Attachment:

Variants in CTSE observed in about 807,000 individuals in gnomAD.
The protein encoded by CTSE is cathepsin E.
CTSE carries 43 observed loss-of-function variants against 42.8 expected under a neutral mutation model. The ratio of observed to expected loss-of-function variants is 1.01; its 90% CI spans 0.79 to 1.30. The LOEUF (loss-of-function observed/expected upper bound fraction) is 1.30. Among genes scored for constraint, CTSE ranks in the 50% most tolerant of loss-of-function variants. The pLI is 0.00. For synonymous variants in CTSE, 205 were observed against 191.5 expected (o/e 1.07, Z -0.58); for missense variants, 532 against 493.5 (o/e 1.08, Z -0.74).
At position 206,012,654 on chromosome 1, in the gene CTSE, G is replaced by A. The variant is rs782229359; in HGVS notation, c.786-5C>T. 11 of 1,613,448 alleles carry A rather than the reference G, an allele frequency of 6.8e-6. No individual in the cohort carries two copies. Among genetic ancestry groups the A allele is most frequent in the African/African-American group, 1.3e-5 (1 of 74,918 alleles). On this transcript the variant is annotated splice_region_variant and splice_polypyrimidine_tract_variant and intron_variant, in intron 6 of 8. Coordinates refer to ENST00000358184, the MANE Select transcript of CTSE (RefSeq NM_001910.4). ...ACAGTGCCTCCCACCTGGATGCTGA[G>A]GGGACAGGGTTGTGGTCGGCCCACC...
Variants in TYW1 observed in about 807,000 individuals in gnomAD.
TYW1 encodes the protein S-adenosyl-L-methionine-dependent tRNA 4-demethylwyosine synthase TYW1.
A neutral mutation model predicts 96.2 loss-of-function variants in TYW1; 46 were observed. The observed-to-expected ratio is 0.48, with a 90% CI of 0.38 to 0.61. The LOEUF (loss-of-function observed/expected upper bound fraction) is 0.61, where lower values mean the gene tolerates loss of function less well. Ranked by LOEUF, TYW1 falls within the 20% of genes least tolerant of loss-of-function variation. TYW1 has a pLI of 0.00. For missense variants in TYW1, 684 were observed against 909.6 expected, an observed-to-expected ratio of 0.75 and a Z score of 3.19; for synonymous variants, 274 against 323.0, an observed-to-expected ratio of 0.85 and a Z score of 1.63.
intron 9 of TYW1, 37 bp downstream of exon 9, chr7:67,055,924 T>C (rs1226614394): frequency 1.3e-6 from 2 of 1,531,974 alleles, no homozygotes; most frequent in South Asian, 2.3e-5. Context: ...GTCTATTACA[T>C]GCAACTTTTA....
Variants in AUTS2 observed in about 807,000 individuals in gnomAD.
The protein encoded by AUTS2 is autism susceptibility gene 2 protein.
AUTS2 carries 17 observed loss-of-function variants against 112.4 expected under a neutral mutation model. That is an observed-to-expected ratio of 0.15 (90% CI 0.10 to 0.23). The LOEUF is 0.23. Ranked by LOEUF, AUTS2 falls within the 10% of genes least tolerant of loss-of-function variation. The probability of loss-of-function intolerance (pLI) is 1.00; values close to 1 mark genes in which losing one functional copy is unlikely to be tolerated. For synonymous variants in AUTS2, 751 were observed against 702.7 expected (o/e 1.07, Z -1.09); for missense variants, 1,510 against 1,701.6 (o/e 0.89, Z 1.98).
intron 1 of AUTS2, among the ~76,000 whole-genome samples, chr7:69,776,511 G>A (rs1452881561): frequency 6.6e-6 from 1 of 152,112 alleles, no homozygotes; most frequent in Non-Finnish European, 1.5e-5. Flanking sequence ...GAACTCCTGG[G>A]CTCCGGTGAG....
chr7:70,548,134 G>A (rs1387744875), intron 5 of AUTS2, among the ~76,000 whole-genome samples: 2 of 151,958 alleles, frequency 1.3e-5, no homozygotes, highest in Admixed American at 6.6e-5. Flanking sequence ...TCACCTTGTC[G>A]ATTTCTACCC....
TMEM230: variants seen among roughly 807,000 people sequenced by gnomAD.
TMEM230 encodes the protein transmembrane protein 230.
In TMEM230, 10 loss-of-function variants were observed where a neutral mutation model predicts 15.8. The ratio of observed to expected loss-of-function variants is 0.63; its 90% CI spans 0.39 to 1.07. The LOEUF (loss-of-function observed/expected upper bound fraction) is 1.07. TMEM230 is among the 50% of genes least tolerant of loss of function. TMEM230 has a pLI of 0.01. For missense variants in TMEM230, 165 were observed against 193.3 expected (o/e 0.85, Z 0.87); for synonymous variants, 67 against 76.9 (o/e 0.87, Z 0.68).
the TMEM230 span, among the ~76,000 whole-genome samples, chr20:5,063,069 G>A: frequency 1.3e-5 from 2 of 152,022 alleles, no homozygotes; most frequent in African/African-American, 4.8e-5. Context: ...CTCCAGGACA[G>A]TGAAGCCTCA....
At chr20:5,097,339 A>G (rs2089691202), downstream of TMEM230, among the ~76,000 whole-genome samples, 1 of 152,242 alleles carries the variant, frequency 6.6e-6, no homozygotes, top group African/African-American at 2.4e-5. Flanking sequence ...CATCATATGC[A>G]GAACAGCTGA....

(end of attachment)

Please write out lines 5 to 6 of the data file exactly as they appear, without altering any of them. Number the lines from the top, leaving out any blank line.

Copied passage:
Variants in TYW1 observed in about 807,000 individuals in gnomAD.
TYW1 encodes the protein S-adenosyl-L-methionine-dependent tRNA 4-demethylwyosine synthase TYW1.